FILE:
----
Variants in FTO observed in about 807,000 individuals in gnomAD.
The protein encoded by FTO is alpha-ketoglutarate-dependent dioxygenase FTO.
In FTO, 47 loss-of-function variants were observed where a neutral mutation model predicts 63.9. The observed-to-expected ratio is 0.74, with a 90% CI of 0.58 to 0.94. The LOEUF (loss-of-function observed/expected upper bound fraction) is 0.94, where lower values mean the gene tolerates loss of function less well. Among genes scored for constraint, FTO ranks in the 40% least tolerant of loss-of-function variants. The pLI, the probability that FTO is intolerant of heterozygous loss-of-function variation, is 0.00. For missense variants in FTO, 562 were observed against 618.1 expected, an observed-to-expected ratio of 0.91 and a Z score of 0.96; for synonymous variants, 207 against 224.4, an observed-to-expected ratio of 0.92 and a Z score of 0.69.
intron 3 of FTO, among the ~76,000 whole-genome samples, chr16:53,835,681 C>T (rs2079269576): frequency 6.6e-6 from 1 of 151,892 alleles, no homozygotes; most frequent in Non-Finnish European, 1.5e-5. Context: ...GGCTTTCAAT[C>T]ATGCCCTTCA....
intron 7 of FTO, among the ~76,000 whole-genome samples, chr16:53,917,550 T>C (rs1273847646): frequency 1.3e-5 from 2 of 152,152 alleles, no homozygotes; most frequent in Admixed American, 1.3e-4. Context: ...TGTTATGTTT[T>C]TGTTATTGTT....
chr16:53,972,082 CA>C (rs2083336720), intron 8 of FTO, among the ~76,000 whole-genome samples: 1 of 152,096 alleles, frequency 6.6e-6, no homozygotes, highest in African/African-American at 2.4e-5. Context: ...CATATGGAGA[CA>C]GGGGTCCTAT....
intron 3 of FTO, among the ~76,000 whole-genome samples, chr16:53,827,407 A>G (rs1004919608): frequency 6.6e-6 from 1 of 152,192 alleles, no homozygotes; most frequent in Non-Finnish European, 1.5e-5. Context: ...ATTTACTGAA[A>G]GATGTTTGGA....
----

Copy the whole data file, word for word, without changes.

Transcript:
Variants in FTO observed in about 807,000 individuals in gnomAD.
The protein encoded by FTO is alpha-ketoglutarate-dependent dioxygenase FTO.
In FTO, 47 loss-of-function variants were observed where a neutral mutation model predicts 63.9. The observed-to-expected ratio is 0.74, with a 90% CI of 0.58 to 0.94. The LOEUF (loss-of-function observed/expected upper bound fraction) is 0.94, where lower values mean the gene tolerates loss of function less well. Among genes scored for constraint, FTO ranks in the 40% least tolerant of loss-of-function variants. The pLI, the probability that FTO is intolerant of heterozygous loss-of-function variation, is 0.00. For missense variants in FTO, 562 were observed against 618.1 expected, an observed-to-expected ratio of 0.91 and a Z score of 0.96; for synonymous variants, 207 against 224.4, an observed-to-expected ratio of 0.92 and a Z score of 0.69.
intron 3 of FTO, among the ~76,000 whole-genome samples, chr16:53,835,681 C>T (rs2079269576): frequency 6.6e-6 from 1 of 151,892 alleles, no homozygotes; most frequent in Non-Finnish European, 1.5e-5. Context: ...GGCTTTCAAT[C>T]ATGCCCTTCA....
intron 7 of FTO, among the ~76,000 whole-genome samples, chr16:53,917,550 T>C (rs1273847646): frequency 1.3e-5 from 2 of 152,152 alleles, no homozygotes; most frequent in Admixed American, 1.3e-4. Context: ...TGTTATGTTT[T>C]TGTTATTGTT....
chr16:53,972,082 CA>C (rs2083336720), intron 8 of FTO, among the ~76,000 whole-genome samples: 1 of 152,096 alleles, frequency 6.6e-6, no homozygotes, highest in African/African-American at 2.4e-5. Context: ...CATATGGAGA[CA>C]GGGGTCCTAT....
intron 3 of FTO, among the ~76,000 whole-genome samples, chr16:53,827,407 A>G (rs1004919608): frequency 6.6e-6 from 1 of 152,192 alleles, no homozygotes; most frequent in Non-Finnish European, 1.5e-5. Context: ...ATTTACTGAA[A>G]GATGTTTGGA....